What Would Happen to Your Business if it Lost Power for 48 Hours or More? Look to the NFPA 2019 Update
Access to power is like access to the air we breath – we don’t appreciate it until it’s gone. In the same way we all need breath to survive, your business needs electricity to survive. Without a regularly maintained backup generator and electrical system, many businesses who lose power (especially those affected by Southern California’s frequent blackouts) could end up paying far more than just the bill for emergency electricity services. Let’s look at three industries in particular that could be negatively impacted by a prolonged power outage:
Hospitals, medical offices and nursing homes are essential at all times–even more so during an extended power outage. Hollywood Hills Nursing Home in Florida discovered this in the worst way possible; last year, 14 people in fragile health died when, in the wake of Hurricane Irma, the facility’s backup generators failed.
Because of this tragedy, which was caused primarily by a neglected emergency power plan, the state government effectually shut down the nursing home by denying it further Medicaid help and by suspending its medical license.
Food Service Providers
Restaurants, cafes and bars have to deal with numerous issues during a power outage. Refrigeration systems shut down leading to spoiled food, chefs can’t cook without their electric appliances, dirty dishes can’t be washed, and bathrooms may become unusable.
Grocery stores, supermarkets and convenience stores have an even greater responsibility to ensure their electricity is backed up. During an extended power outage, they often provide essential food, water and emergency supplies to the public.
Data Centers & Financial Institutions
Uninterrupted power is essential to both, as they rely on it to house and protect private information. If backup generators fail, sensitive data could become inaccessible, or worse, privacy could be compromised.
Although these types of businesses stand to lose the most if their backup power plan fails, any business that loses power will have its share of concerns. Out-of-service elevators, unsanitary water, and even heat stroke due to lack of A/C can put patients, employees and customers in a dangerous situation.
Needless to say, it’s vital that your business not only has a backup generator, but it’s also important to have it properly installed, tested and maintained according to the National Fire Protection Association (NFPA)’s updated 2019 Standard 110 For Emergency Power Supplies.
NFPA 2019 Emergency Power Supply Update
This updated set of recommendations may become mandatory for several types of essential California businesses.
But that’s not the only reason to comply with NFPA’s updated regulations. Most importantly, complying with the update ensures your generator is good working order when disaster strikes and you need it most.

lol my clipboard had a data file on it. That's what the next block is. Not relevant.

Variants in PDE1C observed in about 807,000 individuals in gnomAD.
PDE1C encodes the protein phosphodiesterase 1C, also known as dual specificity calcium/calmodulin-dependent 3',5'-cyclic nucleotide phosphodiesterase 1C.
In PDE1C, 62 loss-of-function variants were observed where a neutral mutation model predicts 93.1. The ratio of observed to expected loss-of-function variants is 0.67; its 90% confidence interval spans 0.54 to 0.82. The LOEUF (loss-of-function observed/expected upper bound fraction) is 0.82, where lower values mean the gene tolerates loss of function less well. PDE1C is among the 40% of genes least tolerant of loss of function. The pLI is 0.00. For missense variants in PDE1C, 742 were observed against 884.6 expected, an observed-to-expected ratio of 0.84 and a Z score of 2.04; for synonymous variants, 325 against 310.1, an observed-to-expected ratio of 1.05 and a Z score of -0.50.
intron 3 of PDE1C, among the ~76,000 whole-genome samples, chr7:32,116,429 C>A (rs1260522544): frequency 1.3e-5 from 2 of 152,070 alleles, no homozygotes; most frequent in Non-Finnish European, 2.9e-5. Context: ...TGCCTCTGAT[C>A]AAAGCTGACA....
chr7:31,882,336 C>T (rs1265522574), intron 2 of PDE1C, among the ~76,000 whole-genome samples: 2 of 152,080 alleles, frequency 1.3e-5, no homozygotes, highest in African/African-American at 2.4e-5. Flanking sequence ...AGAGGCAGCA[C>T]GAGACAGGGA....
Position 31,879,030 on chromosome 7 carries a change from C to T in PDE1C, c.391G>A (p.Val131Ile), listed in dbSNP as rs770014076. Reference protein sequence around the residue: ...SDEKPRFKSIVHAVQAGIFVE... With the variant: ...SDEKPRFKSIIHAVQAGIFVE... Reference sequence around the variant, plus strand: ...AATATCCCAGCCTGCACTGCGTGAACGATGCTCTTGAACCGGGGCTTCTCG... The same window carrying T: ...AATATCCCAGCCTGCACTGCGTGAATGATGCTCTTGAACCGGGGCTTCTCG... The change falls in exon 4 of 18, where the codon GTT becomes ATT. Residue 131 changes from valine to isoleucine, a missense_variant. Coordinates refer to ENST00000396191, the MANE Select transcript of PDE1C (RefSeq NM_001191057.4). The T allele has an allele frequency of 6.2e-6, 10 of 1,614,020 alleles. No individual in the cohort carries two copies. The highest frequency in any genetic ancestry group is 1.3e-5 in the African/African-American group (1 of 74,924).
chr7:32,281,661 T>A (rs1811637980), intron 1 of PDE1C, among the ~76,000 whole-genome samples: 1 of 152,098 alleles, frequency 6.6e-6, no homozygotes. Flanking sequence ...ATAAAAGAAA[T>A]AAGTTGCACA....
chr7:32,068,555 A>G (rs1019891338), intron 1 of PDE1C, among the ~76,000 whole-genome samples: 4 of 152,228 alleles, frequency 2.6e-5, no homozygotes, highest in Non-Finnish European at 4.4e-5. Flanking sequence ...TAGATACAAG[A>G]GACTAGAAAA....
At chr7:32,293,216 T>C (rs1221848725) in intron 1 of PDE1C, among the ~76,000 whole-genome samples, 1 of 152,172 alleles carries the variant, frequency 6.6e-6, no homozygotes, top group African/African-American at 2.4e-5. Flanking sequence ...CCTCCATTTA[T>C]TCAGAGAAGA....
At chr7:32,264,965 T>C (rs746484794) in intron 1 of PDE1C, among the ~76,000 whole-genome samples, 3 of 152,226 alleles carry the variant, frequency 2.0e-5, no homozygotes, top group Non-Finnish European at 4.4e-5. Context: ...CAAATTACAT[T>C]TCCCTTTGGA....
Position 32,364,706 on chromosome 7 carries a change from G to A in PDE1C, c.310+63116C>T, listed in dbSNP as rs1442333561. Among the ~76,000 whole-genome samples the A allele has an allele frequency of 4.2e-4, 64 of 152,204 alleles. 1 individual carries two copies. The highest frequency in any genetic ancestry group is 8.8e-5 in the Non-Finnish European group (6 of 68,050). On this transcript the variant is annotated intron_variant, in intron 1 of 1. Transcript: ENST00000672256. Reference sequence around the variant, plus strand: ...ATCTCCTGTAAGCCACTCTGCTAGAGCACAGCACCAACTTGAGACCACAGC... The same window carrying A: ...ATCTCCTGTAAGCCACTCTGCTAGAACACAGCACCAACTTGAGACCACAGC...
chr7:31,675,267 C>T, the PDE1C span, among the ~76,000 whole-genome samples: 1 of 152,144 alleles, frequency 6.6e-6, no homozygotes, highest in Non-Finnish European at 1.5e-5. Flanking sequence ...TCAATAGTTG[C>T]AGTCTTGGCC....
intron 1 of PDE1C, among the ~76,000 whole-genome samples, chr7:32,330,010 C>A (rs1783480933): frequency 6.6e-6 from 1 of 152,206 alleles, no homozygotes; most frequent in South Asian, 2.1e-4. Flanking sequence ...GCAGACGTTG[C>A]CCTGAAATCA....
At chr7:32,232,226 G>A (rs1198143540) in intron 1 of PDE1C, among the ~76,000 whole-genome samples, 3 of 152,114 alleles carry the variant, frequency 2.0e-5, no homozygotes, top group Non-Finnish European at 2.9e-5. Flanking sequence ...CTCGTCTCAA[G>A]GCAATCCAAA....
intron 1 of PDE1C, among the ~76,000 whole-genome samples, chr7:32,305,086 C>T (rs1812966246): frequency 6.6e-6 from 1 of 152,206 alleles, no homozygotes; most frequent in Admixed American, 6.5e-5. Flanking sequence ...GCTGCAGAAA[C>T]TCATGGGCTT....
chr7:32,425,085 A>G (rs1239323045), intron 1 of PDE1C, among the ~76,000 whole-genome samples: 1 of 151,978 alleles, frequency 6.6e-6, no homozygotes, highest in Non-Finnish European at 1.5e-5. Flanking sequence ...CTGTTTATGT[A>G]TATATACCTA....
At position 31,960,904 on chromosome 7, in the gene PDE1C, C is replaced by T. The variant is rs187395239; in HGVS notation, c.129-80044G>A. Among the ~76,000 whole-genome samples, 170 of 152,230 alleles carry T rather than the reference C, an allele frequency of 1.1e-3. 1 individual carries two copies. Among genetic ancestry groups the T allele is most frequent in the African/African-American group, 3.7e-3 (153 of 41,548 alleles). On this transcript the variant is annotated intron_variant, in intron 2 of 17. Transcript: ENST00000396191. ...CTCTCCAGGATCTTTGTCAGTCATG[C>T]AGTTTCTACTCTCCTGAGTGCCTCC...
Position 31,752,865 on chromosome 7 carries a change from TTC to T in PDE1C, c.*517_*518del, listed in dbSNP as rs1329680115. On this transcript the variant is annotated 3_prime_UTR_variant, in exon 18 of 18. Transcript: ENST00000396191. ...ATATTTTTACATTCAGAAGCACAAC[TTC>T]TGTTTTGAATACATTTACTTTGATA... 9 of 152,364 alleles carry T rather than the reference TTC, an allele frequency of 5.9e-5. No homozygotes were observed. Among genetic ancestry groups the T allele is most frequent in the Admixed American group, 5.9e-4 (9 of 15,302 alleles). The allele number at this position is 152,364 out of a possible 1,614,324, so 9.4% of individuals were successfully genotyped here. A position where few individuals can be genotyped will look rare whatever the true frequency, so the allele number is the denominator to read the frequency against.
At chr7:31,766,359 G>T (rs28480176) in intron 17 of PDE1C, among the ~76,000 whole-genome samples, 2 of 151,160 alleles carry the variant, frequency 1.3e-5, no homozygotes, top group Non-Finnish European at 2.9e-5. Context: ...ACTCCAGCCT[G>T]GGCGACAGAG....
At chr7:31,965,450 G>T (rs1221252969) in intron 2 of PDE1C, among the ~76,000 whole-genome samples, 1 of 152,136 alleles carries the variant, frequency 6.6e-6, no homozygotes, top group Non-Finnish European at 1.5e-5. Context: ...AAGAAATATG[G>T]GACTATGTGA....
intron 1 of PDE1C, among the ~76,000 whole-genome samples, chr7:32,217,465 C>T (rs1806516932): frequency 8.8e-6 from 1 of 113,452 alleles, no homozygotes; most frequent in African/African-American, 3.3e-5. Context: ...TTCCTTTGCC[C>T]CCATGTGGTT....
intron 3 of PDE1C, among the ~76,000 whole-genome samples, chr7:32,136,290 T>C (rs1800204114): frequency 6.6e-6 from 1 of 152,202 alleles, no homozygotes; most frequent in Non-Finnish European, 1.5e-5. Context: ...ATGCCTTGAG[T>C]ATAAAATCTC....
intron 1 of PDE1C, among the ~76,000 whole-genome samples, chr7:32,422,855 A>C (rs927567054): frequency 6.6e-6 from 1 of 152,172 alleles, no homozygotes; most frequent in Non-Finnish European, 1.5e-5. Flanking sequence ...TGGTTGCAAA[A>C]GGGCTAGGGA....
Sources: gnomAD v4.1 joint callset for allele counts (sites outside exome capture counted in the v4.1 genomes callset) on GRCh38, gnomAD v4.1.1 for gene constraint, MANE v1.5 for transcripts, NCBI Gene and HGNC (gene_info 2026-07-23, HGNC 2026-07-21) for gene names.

It’s far too easy to let maintenance lapse. Case in point, even though two major New York businesses had backup generators, they still had to evacuate hundreds of patients during Hurricane Sandy because those generators weren’t able to withstand the devastating conditions of the storm. There was also a data center that reported its backup generator failed during the same storm.
So even though it’s easy to forget about your generator, we recommend taking some simple steps to keep it all in good working condition. The bad news is that it can be quite a chore to bring backup power systems up to compliance with all local jurisdictional authorities and agencies.
The good news is that bringing your system into compliance doesn’t require your time and effort — that’s our job. We’re here to help you:
- update your system
- test it regularly
- keep it in compliance according to NFPA’s 2019 standards
Updating Your Backup Power System
The 2019 Standard 110 includes several additional regulations to avoid crucial errors and oversights that could bring your business to a grinding halt.
We’ll help you check all of your locations’ standards, including those required by California and the federal government, and we’ll update everything that needs updating. For example, NFPA Standard 110 additions include enhanced instructions to guarantee access to the remote emergency stop switch and battery chargers.
Testing your Backup Generators
Since backup generators tend to be used in drastic situations, compliance with NFPA Standard 110’s testing schedule ensures that your generator will be ready for storms, earthquakes, fires and floods – any of which can spontaneously occur in Southern California.
This regular testing schedule from the NFPA also means that you’ll save money by caring for your generator system properly, thus extending its life and minimizing unnecessary repairs. Here are the regular testing schedules:
- Daily – including day tank level checks
- Weekly – including battery voltage checks and charger checks
- Monthly – including mechanical tasks and a generator start-up
- Semi-annually or Annually – more complicated mechanical tests and load testing
Not to worry, you don’t have to do all this on your own. Duthie Power can automate many of the daily, weekly, and monthly tasks for you. Our staff can even run the larger checks, such as load and automatic switch testing.
Maintaining Your Backup Power Generators
Regular testing and maintenance means you’ll know about most issues well in advance of an emergency. There’s no need to let a prolonged blackout bring your business down. We’re happy to resolve any issues quickly and efficiently so you can focus on what’s most important – keeping your business running at full capacity.
Ready to get your backup generators up to date? Call us at 1-800-899-3931 for help.